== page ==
15. @Mark Hall: As much as I liked LoTR I agree with your assessment of who was and who was not interesting. Again I think I read Foundation a couple of times when I was 14 or 15 in the mid 70’s and I’ll probably avoid an adult re-read to preserve the fond memories. On the other hand Dune is a book I’ve re-read a few times over the years where the story and characters hold up quite well. And as with most Space Opera SciFi tomes the science is very speculative. Dune anticipates a lot of modern environmental issues and is a great read if you like character development as much as plot. Interestingly Dune has organ replacement (including cloning) in a few parts of the story and there’s a whole world dedicated to this type of technology in the galactic political mix. The second book Herbert wrote was ‘Dune Messiah’ which should have been edited down to a few chapters of preamble for the quite good third book ‘Children of Dune’. Many other ‘Dune’ books have come after that in a typical franchise fashion.

  16. I actually picked up a copy of Dune today (I LOVE working in a library) and started it. I find it kinda interesting to read these books today, with the materials THEY inspired forming my background, rather than the originals; I keep comparing it to the game Fading Suns, which I know drew heavy inspiration from Dune. A few times in LotR (especially my first read-through), I had to remind myself that Gimli and Legloas were not cliches, but archetypes upon which later cliches rested.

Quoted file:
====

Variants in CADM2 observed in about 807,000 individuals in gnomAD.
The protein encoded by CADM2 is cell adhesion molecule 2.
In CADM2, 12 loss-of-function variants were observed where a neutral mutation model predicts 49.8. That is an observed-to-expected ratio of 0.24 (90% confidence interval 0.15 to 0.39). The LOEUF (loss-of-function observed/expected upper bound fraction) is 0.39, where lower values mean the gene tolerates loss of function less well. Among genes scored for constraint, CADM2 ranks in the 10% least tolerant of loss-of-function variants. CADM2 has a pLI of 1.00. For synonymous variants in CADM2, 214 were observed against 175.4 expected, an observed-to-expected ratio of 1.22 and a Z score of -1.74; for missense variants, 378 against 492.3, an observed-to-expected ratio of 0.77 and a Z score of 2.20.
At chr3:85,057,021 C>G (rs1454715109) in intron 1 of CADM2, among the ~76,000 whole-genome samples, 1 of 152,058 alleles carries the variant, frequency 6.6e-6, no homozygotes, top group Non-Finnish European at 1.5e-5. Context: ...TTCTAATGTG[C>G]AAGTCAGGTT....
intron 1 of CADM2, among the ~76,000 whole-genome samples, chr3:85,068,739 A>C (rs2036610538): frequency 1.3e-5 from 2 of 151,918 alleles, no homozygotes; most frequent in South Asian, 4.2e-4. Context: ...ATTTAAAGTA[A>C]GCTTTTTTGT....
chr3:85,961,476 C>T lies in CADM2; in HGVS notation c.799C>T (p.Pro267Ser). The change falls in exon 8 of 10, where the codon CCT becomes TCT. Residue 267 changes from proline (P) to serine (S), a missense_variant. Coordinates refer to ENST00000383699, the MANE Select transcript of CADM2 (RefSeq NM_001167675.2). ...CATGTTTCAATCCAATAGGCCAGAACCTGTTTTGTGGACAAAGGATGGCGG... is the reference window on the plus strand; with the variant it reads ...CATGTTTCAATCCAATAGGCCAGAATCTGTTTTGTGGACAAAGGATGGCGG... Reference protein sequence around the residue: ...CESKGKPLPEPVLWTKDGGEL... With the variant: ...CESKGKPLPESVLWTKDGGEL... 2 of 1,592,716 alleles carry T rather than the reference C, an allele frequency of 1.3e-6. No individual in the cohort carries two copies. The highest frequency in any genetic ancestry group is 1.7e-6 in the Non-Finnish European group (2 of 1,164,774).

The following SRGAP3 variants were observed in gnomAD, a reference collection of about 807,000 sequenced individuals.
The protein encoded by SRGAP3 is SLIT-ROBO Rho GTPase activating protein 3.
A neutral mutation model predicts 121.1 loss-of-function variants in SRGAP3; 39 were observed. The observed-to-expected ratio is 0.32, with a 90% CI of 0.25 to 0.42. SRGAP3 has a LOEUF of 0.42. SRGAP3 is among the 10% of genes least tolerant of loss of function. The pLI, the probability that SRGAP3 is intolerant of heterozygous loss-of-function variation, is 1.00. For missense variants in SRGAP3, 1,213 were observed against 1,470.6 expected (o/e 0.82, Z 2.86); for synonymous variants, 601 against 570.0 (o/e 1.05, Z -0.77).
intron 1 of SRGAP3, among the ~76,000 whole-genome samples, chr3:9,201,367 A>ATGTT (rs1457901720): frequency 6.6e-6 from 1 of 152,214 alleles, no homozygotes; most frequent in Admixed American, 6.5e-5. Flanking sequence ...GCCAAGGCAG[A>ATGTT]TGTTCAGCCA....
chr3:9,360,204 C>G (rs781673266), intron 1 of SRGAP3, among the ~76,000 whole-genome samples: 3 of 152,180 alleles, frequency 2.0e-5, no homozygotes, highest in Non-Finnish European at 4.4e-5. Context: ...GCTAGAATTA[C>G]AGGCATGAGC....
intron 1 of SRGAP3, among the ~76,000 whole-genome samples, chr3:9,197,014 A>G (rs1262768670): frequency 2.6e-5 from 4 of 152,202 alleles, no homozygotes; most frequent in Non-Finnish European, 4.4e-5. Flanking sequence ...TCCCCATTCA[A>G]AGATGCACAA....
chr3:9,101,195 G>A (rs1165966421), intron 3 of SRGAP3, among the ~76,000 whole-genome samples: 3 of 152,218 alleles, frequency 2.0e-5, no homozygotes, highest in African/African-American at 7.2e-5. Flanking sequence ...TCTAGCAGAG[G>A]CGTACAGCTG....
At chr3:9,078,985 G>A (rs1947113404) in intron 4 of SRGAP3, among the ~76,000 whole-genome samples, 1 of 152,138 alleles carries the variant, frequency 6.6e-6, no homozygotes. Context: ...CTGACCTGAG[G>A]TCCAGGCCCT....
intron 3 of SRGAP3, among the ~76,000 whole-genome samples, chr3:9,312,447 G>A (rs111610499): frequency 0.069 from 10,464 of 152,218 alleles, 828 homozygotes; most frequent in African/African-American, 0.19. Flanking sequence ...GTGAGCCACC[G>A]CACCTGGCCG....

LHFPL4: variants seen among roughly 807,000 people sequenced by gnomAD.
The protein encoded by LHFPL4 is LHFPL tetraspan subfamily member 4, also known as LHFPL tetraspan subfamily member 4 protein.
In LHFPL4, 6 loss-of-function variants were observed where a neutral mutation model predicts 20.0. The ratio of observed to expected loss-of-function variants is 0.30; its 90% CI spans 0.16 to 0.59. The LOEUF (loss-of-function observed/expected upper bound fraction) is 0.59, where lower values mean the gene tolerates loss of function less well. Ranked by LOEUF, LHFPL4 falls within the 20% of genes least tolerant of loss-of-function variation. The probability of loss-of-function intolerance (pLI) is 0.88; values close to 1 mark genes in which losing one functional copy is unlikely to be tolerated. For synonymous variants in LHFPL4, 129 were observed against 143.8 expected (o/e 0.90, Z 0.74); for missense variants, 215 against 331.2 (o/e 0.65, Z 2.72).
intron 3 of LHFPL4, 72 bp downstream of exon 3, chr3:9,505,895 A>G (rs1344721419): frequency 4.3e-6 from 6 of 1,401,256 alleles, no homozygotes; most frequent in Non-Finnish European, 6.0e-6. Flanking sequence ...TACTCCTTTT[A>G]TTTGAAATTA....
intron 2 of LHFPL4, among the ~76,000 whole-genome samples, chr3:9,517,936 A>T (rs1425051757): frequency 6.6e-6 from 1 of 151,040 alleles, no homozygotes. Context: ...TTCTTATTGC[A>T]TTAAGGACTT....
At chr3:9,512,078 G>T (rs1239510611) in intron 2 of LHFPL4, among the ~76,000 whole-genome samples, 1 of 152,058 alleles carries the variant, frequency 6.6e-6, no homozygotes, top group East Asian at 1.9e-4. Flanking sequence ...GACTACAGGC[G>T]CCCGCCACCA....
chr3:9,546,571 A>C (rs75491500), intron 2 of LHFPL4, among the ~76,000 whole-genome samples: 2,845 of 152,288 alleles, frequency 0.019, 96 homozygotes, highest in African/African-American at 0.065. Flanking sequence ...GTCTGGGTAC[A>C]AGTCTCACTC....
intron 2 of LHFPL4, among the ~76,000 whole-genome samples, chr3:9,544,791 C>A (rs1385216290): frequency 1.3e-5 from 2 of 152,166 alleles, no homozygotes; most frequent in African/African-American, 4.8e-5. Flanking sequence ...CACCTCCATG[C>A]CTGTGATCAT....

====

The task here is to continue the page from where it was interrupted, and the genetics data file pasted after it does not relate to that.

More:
17. @BeardofPants: I think ‘God Emperor of Dune’ is a good place to stop unless you get really interested in what may precede or follow. Herbert’s son has done a good job with a couple of the books which I only read because my mother loves the series and passes each new one on to me.

    @Mark Hall: And the first few chapters can be a bit of a slog so be patient.

  18. @BeardofPants: @James Fox:

    Yes, this is my first read of Dune; I’ve watched (sorta; half asleep) the David Lynch version, but I don’t remember much beyond the look of sandworms and shields, so I don’t think it’s coloring me NEARLY as much as other space opera I’ve read.

    And Dune may be starting a bit slow, but it’s a relief from “Speaker for the Dead”. Didn’t loathe it like I did last time, but definitely not one of my “must rereads”.

  19. Stacey, thanks for this writeup. I hadn’t even heard of this movie. Thanks to you, I’ve now read the book (which was magnificent) and added this adaptation of it to my Netflix queue, based on your review and that of Roger Ebert. He drew a very similar lesson from it about the importance of questioning assumptions, especially those rooted in our formative years:

    “One of the most dangerous concepts of human society is that children believe what they are told. Those who grow out of that become adults, a status not always achieved by their parents.”

    Great minds think alike. :-)